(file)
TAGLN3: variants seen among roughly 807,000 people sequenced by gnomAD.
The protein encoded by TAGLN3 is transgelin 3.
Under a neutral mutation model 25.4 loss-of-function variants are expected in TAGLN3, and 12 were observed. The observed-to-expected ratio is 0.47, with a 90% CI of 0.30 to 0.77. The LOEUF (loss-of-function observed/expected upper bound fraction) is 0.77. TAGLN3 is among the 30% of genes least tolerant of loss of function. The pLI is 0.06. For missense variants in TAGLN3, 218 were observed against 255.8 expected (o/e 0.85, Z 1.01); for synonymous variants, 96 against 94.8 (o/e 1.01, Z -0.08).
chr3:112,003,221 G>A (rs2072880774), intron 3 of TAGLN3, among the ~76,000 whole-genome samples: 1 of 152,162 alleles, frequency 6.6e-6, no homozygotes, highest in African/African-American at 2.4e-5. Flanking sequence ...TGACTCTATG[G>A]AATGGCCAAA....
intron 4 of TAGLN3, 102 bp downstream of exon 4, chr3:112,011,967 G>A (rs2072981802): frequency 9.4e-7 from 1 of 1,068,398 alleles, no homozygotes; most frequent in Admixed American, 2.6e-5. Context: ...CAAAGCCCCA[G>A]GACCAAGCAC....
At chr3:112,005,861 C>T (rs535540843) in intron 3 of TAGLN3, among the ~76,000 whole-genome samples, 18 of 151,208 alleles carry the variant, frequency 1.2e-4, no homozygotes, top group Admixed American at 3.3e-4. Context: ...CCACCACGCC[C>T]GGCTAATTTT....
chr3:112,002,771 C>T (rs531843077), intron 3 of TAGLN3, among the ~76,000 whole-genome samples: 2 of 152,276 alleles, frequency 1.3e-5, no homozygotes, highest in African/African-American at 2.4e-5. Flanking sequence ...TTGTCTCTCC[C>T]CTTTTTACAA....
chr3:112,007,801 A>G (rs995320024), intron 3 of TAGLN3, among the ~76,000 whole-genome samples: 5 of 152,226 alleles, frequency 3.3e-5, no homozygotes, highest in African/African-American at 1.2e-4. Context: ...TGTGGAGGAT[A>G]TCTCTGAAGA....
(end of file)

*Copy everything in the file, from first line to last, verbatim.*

TAGLN3: variants seen among roughly 807,000 people sequenced by gnomAD.
The protein encoded by TAGLN3 is transgelin 3.
Under a neutral mutation model 25.4 loss-of-function variants are expected in TAGLN3, and 12 were observed. The observed-to-expected ratio is 0.47, with a 90% CI of 0.30 to 0.77. The LOEUF (loss-of-function observed/expected upper bound fraction) is 0.77. TAGLN3 is among the 30% of genes least tolerant of loss of function. The pLI is 0.06. For missense variants in TAGLN3, 218 were observed against 255.8 expected (o/e 0.85, Z 1.01); for synonymous variants, 96 against 94.8 (o/e 1.01, Z -0.08).
chr3:112,003,221 G>A (rs2072880774), intron 3 of TAGLN3, among the ~76,000 whole-genome samples: 1 of 152,162 alleles, frequency 6.6e-6, no homozygotes, highest in African/African-American at 2.4e-5. Flanking sequence ...TGACTCTATG[G>A]AATGGCCAAA....
intron 4 of TAGLN3, 102 bp downstream of exon 4, chr3:112,011,967 G>A (rs2072981802): frequency 9.4e-7 from 1 of 1,068,398 alleles, no homozygotes; most frequent in Admixed American, 2.6e-5. Context: ...CAAAGCCCCA[G>A]GACCAAGCAC....
At chr3:112,005,861 C>T (rs535540843) in intron 3 of TAGLN3, among the ~76,000 whole-genome samples, 18 of 151,208 alleles carry the variant, frequency 1.2e-4, no homozygotes, top group Admixed American at 3.3e-4. Context: ...CCACCACGCC[C>T]GGCTAATTTT....
chr3:112,002,771 C>T (rs531843077), intron 3 of TAGLN3, among the ~76,000 whole-genome samples: 2 of 152,276 alleles, frequency 1.3e-5, no homozygotes, highest in African/African-American at 2.4e-5. Flanking sequence ...TTGTCTCTCC[C>T]CTTTTTACAA....
chr3:112,007,801 A>G (rs995320024), intron 3 of TAGLN3, among the ~76,000 whole-genome samples: 5 of 152,226 alleles, frequency 3.3e-5, no homozygotes, highest in African/African-American at 1.2e-4. Context: ...TGTGGAGGAT[A>G]TCTCTGAAGA....